It was Al-Khatib who sent Al-Najjar nearly $100,000 in 1992. Bank records show Al-Najjar held it, divided it into different accounts, then sent it back in February 1994. He testified he was merely holding it for his brother in law, Al-Khatib, and was fishing for a better interest rate.
But Al-Najjar returns the money to Beirut at the heart of a financial crisis that threatened the PIJ's very existence.
Laughlin does tell readers that Al-Arian pleaded guilty in 2006 to one count of conspiring to provide goods and services to a terrorist group. However, she doesn't specify that the group in question was the PIJ, or that Al-Najjar is among the group's associates Al-Arian conspired to assist.
Back in 2000, when Al-Najjar testified under oath at his bond hearing, he lied about another PIJ associate, Ramadan Shallah, the group's secretary general since 1995. Al-Najjar worked with Shallah at a Tampa think-tank called the World and Islam Studies enterprise. Four PIJ Shura Council members – Al-Arian, Al-Najjar, Shallah and Basheer Nafi – worked there.
But Al-Najjar denied knowing Shallah had any connection with the PIJ. The Tampa Tribune reported that:
"Al-Najjar said he was disappointed to learn of his former colleague's appointment. ‘He ruined his own academic career,' Al-Najjar said. ‘He was going to be a very fine academician.'"
In paragraph "m" of his plea agreement, Al-Arian admits Al-Najjar was part of cover-up about WISE's knowledge about Ramadan Shallah's true identity and role with the PIJ.
Similarly, Al-Najjar denied that the charity he helped run, the Islamic Committee for Palestine (ICP), was in any way connected to or supportive of the PIJ. When federal officials released this video, showing a Cleveland imam referring to the charity as "the active arm" of the PIJ, Al-Najjar pleaded ignorance and said it was untrue. The imam, Fawaz Damra, cited PIJ murders in soliciting contributions.
When that video was played during Al-Arian's 2005 conspiracy trial, Laughlin described Damra as someone who "since become an advocate for dialogue and peace between Muslims and Jews." She didn't mention, or didn't even know, that Damra had been convicted in June 2004 for lying on immigration papers by failing to disclose his links in the United States including to the PIJ.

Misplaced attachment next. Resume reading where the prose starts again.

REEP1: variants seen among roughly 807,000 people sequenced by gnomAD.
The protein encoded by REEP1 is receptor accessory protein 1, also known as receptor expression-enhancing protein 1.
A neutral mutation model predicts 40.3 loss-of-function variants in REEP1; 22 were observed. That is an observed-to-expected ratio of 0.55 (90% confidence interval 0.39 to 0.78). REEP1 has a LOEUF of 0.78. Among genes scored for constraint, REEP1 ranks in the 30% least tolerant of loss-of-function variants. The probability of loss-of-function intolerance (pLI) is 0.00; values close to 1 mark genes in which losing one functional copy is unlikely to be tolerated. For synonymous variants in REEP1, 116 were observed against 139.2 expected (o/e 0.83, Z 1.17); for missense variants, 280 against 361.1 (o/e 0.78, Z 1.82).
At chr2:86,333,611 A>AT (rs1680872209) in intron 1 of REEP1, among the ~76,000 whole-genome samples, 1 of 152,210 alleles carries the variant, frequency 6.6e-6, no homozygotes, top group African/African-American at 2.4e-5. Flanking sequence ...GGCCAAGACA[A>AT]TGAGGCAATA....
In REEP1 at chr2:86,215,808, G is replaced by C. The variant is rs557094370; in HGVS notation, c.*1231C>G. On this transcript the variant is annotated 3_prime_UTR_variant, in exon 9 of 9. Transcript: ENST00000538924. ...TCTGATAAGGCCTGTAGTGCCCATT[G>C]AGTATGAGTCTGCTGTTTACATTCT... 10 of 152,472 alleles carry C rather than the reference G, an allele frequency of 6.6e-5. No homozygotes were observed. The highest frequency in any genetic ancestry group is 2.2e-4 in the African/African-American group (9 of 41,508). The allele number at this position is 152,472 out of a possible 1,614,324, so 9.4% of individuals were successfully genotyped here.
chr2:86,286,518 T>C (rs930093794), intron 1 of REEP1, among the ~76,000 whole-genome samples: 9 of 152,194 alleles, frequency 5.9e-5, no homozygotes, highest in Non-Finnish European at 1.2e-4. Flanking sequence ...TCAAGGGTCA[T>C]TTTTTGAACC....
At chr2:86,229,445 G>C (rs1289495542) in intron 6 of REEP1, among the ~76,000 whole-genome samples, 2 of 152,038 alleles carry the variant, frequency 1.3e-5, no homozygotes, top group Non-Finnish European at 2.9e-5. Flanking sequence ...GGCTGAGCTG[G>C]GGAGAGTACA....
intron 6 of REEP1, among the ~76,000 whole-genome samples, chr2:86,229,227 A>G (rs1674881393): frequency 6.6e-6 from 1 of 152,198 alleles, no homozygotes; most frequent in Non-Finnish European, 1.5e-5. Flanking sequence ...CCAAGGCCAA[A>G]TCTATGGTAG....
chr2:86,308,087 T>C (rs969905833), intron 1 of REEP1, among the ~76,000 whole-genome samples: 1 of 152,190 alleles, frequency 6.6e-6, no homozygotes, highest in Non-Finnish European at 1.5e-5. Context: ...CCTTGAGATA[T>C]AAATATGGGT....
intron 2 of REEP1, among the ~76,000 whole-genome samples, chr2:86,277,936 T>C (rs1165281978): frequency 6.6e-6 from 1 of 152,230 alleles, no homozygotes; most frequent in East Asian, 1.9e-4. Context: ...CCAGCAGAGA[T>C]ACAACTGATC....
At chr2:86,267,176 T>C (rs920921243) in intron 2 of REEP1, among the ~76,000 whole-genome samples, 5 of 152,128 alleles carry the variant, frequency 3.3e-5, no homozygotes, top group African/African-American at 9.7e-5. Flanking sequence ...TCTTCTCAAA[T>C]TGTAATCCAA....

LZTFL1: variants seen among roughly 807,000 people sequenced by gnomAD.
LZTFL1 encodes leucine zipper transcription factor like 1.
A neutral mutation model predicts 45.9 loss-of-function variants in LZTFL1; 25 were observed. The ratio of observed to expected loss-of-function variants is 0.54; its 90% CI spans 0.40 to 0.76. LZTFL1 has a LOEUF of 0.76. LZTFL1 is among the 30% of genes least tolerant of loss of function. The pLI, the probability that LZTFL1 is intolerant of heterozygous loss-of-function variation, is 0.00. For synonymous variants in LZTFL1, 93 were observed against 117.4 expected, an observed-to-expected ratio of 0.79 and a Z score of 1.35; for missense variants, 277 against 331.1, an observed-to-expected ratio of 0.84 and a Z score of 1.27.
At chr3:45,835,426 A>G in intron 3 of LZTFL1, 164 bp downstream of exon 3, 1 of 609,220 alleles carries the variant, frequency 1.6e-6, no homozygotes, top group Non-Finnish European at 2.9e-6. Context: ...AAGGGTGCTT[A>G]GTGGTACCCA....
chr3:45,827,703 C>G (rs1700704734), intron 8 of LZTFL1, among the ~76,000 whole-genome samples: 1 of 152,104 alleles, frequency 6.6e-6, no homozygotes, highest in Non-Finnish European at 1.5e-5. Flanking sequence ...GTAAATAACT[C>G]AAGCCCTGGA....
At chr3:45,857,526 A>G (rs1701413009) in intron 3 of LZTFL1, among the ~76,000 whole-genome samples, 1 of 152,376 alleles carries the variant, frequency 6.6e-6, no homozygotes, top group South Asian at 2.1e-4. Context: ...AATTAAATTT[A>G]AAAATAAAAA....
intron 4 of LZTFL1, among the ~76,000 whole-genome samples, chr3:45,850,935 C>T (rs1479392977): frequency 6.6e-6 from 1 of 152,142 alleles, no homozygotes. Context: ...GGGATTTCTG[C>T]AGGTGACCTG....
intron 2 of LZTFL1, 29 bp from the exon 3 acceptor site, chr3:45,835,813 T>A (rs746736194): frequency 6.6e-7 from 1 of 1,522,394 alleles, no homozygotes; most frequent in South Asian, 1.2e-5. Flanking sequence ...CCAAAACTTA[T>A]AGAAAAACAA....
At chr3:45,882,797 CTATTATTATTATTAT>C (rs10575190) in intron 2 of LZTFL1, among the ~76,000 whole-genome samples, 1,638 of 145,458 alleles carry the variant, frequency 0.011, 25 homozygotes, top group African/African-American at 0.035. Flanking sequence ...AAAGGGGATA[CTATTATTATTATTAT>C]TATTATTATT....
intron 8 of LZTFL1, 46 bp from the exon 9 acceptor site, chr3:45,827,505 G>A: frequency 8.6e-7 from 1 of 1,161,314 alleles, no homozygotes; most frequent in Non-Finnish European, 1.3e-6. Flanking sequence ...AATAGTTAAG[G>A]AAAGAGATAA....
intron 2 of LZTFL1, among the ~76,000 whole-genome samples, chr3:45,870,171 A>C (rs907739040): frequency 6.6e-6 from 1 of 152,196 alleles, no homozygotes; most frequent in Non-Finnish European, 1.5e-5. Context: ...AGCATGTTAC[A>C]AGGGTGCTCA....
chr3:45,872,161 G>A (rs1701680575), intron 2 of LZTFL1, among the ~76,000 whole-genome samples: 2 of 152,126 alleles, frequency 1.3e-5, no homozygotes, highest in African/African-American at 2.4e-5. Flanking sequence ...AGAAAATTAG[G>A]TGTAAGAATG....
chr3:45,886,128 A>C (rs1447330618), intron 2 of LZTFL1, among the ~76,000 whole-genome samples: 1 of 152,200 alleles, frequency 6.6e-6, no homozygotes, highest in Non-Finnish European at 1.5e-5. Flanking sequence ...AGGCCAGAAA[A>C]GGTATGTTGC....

It is interesting that Times editorial writers often have proven more aggressive toward Al-Arian than their reporters. Al-Arian was acquitted of nine of the 17 charges against him in December 2005 and jurors deadlocked on the other eight counts. Al-Arian advocates cast the verdict as a full exoneration, but the Times editorialized:
"Even though Al-Arian was not convicted of supporting terrorist acts, he stands exposed for what he is - a carrier of hate. He is not just an innocent academic with unpopular views about the Israeli- Palestinian conflict, as he has so often claimed, or a ‘prisoner of conscience.' The trial demonstrated that Al-Arian was deeply connected to the PIJ, which is believed responsible for more than 100 deaths in the Middle East. He was described by his own lawyers as a fundraiser for the "charitable arm of the PIJ." And Al-Arian was not blind to the group's monstrous tactics, as he was the regular recipient of faxes announcing the group's suicide bombings."
Again, readers are reminded of none of this in Laughlin's latest story. Can Times editors cite another example in which a source is exposed for having lied to them about the very issue that makes him newsworthy, yet the paper continued to cast him in a sympathetic light with no apparent challenge to anything he has to say?
Despite cutbacks, the Times remains an outstanding newspaper with talented investigative reporters. It's too bad none have been tasked with comparing the warm and fuzzy public personas with the harsher reality in the record. A story updating the life of a newsmaker can be justified, even at the expense of flying a reporter to Cairo at a time of deep cutbacks. But to achieve balance, to serve its readers, the Times should tell the whole story or nothing at all.